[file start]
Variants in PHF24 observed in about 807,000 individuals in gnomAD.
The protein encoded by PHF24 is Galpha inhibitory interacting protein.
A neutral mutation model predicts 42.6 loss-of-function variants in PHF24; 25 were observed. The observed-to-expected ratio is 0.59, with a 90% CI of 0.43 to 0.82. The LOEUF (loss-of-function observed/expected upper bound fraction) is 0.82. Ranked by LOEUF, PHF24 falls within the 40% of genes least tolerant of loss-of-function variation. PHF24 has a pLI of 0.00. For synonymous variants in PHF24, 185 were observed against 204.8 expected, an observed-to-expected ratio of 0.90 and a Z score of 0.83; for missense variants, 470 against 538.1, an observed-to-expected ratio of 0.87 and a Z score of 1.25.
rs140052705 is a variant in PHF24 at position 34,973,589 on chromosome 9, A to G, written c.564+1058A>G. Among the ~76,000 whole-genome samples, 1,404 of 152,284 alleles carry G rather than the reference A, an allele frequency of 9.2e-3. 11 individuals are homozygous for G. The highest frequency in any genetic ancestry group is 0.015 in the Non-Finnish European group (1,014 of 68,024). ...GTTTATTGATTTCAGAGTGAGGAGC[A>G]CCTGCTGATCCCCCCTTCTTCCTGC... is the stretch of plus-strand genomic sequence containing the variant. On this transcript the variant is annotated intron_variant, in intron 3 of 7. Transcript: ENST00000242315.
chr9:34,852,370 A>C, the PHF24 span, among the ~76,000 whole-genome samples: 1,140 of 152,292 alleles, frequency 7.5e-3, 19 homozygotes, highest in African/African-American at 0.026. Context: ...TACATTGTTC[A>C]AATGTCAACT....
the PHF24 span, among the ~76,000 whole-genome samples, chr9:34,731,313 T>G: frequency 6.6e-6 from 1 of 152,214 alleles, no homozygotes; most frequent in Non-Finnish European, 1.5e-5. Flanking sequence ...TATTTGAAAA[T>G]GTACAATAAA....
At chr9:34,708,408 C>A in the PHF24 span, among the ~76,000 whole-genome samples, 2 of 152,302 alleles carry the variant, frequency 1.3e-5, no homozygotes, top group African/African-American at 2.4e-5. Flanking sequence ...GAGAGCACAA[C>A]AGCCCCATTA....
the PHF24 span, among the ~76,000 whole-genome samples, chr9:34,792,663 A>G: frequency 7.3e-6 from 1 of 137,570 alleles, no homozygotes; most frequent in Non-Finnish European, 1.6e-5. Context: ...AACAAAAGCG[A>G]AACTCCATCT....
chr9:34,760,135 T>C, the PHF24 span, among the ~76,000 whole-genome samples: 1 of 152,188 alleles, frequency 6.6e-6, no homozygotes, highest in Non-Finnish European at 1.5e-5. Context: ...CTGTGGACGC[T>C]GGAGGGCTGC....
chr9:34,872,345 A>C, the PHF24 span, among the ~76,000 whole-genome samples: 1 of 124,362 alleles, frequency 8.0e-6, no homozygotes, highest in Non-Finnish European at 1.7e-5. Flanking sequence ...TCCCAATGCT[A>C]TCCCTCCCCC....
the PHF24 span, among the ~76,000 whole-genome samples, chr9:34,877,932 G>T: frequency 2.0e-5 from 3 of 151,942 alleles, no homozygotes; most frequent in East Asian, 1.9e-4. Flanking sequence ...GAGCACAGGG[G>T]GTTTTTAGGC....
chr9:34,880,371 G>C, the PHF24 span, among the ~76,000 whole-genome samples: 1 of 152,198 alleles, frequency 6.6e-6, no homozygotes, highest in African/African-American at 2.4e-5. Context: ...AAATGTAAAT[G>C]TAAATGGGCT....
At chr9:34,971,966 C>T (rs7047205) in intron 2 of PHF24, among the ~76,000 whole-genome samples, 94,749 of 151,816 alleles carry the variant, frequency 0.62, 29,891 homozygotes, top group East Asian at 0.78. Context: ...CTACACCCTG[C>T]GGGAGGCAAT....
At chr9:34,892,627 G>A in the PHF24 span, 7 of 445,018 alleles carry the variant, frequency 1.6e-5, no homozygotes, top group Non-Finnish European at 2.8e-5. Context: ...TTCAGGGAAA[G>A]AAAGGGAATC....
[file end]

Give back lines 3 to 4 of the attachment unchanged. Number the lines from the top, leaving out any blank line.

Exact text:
A neutral mutation model predicts 42.6 loss-of-function variants in PHF24; 25 were observed. The observed-to-expected ratio is 0.59, with a 90% CI of 0.43 to 0.82. The LOEUF (loss-of-function observed/expected upper bound fraction) is 0.82. Ranked by LOEUF, PHF24 falls within the 40% of genes least tolerant of loss-of-function variation. PHF24 has a pLI of 0.00. For synonymous variants in PHF24, 185 were observed against 204.8 expected, an observed-to-expected ratio of 0.90 and a Z score of 0.83; for missense variants, 470 against 538.1, an observed-to-expected ratio of 0.87 and a Z score of 1.25.
rs140052705 is a variant in PHF24 at position 34,973,589 on chromosome 9, A to G, written c.564+1058A>G. Among the ~76,000 whole-genome samples, 1,404 of 152,284 alleles carry G rather than the reference A, an allele frequency of 9.2e-3. 11 individuals are homozygous for G. The highest frequency in any genetic ancestry group is 0.015 in the Non-Finnish European group (1,014 of 68,024). ...GTTTATTGATTTCAGAGTGAGGAGC[A>G]CCTGCTGATCCCCCCTTCTTCCTGC... is the stretch of plus-strand genomic sequence containing the variant. On this transcript the variant is annotated intron_variant, in intron 3 of 7. Transcript: ENST00000242315.